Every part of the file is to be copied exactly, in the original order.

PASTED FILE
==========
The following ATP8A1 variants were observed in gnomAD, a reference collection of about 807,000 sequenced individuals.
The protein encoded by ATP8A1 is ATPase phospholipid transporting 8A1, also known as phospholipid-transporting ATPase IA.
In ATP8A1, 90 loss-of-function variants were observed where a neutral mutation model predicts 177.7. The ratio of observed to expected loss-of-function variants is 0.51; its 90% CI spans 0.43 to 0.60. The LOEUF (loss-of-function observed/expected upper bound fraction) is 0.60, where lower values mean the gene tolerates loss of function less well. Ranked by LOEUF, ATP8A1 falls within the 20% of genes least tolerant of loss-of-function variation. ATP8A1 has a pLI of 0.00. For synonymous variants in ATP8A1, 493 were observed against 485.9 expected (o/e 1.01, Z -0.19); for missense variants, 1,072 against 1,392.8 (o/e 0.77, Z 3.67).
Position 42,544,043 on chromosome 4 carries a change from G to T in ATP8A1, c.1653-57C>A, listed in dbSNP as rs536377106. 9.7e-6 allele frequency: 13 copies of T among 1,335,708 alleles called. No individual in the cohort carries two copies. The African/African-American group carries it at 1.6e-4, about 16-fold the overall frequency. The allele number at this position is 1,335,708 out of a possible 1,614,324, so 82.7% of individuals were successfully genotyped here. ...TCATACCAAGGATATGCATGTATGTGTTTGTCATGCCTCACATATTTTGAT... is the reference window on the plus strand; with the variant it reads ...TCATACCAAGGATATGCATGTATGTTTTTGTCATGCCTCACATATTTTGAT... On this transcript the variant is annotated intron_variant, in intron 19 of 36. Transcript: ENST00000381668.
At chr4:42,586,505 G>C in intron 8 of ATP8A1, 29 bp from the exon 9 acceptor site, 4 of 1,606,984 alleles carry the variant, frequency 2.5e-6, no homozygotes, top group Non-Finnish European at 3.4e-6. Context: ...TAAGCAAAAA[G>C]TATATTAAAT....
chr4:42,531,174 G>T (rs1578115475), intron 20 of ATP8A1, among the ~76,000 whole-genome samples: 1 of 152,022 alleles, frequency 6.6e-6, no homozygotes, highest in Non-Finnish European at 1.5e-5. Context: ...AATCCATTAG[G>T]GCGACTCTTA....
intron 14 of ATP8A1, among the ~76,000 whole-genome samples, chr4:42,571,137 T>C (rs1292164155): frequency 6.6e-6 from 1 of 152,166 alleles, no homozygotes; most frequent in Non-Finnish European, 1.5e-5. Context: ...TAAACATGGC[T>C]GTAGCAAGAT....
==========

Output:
The following ATP8A1 variants were observed in gnomAD, a reference collection of about 807,000 sequenced individuals.
The protein encoded by ATP8A1 is ATPase phospholipid transporting 8A1, also known as phospholipid-transporting ATPase IA.
In ATP8A1, 90 loss-of-function variants were observed where a neutral mutation model predicts 177.7. The ratio of observed to expected loss-of-function variants is 0.51; its 90% CI spans 0.43 to 0.60. The LOEUF (loss-of-function observed/expected upper bound fraction) is 0.60, where lower values mean the gene tolerates loss of function less well. Ranked by LOEUF, ATP8A1 falls within the 20% of genes least tolerant of loss-of-function variation. ATP8A1 has a pLI of 0.00. For synonymous variants in ATP8A1, 493 were observed against 485.9 expected (o/e 1.01, Z -0.19); for missense variants, 1,072 against 1,392.8 (o/e 0.77, Z 3.67).
Position 42,544,043 on chromosome 4 carries a change from G to T in ATP8A1, c.1653-57C>A, listed in dbSNP as rs536377106. 9.7e-6 allele frequency: 13 copies of T among 1,335,708 alleles called. No individual in the cohort carries two copies. The African/African-American group carries it at 1.6e-4, about 16-fold the overall frequency. The allele number at this position is 1,335,708 out of a possible 1,614,324, so 82.7% of individuals were successfully genotyped here. ...TCATACCAAGGATATGCATGTATGTGTTTGTCATGCCTCACATATTTTGAT... is the reference window on the plus strand; with the variant it reads ...TCATACCAAGGATATGCATGTATGTTTTTGTCATGCCTCACATATTTTGAT... On this transcript the variant is annotated intron_variant, in intron 19 of 36. Transcript: ENST00000381668.
At chr4:42,586,505 G>C in intron 8 of ATP8A1, 29 bp from the exon 9 acceptor site, 4 of 1,606,984 alleles carry the variant, frequency 2.5e-6, no homozygotes, top group Non-Finnish European at 3.4e-6. Context: ...TAAGCAAAAA[G>C]TATATTAAAT....
chr4:42,531,174 G>T (rs1578115475), intron 20 of ATP8A1, among the ~76,000 whole-genome samples: 1 of 152,022 alleles, frequency 6.6e-6, no homozygotes, highest in Non-Finnish European at 1.5e-5. Context: ...AATCCATTAG[G>T]GCGACTCTTA....
intron 14 of ATP8A1, among the ~76,000 whole-genome samples, chr4:42,571,137 T>C (rs1292164155): frequency 6.6e-6 from 1 of 152,166 alleles, no homozygotes; most frequent in Non-Finnish European, 1.5e-5. Context: ...TAAACATGGC[T>C]GTAGCAAGAT....